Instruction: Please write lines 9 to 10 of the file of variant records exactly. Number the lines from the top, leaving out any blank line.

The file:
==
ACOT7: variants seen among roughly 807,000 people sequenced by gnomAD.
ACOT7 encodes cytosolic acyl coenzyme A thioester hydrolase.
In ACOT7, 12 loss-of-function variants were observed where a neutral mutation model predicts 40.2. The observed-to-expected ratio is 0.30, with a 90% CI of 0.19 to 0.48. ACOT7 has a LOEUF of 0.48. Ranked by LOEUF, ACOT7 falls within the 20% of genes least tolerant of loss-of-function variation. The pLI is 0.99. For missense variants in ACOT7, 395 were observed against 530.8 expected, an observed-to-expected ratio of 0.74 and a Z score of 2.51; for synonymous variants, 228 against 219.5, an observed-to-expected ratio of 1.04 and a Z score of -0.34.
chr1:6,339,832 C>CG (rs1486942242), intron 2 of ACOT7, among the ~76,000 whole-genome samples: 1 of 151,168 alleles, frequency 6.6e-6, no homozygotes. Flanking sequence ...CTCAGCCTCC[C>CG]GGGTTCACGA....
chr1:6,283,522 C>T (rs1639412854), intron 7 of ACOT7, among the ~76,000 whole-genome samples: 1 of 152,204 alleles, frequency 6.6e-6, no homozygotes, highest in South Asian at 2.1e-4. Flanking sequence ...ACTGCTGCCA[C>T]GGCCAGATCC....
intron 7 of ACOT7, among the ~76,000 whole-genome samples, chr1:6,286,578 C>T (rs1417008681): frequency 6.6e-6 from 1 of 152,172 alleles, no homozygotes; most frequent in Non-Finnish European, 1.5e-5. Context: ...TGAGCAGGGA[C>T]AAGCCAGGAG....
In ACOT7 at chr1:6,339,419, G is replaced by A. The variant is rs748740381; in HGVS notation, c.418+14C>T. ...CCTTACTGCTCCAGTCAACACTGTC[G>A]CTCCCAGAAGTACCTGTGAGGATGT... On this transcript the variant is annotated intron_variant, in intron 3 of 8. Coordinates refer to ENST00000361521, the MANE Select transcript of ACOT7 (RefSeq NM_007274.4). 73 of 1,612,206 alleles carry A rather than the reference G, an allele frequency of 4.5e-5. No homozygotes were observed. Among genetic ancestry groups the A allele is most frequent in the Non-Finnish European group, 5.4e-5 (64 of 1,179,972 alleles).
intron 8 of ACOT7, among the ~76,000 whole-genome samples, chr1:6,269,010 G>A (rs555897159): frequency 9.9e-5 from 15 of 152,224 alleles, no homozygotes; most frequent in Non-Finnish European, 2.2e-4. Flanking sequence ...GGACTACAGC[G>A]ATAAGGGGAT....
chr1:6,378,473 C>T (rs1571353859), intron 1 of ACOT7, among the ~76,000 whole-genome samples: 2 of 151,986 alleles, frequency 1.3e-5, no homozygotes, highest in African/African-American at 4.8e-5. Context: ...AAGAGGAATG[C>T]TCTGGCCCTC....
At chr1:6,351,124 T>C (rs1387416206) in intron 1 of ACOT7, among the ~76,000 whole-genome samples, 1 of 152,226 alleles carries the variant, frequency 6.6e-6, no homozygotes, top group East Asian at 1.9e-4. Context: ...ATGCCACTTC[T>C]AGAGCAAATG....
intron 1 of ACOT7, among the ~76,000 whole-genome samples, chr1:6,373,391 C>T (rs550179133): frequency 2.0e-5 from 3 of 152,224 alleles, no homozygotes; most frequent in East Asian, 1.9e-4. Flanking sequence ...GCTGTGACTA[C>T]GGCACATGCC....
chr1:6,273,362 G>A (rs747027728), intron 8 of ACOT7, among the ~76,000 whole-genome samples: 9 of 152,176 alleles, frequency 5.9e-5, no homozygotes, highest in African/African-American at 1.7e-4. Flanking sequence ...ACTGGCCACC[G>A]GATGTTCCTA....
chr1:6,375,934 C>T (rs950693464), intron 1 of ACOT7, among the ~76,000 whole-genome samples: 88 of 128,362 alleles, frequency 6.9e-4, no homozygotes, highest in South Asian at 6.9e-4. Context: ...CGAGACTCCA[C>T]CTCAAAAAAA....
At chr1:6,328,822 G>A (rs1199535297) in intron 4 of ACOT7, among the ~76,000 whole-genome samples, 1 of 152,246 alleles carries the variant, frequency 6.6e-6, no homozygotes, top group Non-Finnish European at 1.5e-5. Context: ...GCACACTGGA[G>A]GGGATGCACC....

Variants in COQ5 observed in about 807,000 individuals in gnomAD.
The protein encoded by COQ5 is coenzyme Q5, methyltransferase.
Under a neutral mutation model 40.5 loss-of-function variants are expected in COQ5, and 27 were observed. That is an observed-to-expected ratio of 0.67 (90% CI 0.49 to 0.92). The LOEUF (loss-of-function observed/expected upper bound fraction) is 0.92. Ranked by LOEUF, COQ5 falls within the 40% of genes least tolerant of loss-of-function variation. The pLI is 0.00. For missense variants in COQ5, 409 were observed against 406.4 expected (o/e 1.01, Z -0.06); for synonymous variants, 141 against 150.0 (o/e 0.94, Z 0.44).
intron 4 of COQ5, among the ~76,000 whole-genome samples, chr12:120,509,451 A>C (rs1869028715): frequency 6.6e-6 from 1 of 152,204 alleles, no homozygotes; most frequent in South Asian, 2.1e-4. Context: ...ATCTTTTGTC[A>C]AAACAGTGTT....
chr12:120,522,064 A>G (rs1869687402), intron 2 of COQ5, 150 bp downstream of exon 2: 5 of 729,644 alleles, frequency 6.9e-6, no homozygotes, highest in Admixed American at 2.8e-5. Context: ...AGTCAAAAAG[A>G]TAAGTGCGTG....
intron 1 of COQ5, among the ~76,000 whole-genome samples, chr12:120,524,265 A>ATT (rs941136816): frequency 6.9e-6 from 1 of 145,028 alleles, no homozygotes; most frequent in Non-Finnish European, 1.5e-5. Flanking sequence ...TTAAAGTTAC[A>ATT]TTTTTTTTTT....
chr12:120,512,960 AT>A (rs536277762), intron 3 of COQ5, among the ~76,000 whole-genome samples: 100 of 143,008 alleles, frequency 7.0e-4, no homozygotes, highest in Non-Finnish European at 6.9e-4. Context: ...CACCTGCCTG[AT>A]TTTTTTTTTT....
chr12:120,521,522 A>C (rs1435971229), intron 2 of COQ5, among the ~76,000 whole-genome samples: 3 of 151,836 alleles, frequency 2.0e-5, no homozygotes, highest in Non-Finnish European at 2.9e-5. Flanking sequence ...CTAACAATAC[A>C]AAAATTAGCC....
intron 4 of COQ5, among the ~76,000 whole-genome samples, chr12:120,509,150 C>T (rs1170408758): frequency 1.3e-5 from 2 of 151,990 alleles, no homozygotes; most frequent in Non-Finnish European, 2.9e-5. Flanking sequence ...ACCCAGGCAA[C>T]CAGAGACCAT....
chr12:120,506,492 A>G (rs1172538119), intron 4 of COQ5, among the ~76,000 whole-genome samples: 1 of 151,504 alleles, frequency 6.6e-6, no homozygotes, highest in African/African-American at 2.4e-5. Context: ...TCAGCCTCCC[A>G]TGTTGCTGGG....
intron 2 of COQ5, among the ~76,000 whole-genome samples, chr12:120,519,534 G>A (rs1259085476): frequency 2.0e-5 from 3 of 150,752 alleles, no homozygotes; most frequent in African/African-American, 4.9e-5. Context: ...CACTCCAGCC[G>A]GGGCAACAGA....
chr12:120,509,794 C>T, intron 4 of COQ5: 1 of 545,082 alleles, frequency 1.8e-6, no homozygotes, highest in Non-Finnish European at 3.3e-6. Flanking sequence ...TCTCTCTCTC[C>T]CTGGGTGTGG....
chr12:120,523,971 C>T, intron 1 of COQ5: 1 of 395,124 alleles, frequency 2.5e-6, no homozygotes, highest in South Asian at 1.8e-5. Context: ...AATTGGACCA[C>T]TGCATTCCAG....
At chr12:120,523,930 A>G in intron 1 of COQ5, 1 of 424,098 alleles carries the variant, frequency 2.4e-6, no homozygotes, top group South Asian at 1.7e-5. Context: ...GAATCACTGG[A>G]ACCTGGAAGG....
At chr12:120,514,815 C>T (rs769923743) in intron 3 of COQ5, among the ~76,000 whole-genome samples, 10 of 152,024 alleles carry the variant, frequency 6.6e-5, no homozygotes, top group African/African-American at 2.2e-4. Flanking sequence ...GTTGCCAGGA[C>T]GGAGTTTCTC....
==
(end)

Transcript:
chr1:6,378,473 C>T (rs1571353859), intron 1 of ACOT7, among the ~76,000 whole-genome samples: 2 of 151,986 alleles, frequency 1.3e-5, no homozygotes, highest in African/African-American at 4.8e-5. Context: ...AAGAGGAATG[C>T]TCTGGCCCTC....
At chr1:6,351,124 T>C (rs1387416206) in intron 1 of ACOT7, among the ~76,000 whole-genome samples, 1 of 152,226 alleles carries the variant, frequency 6.6e-6, no homozygotes, top group East Asian at 1.9e-4. Context: ...ATGCCACTTC[T>C]AGAGCAAATG....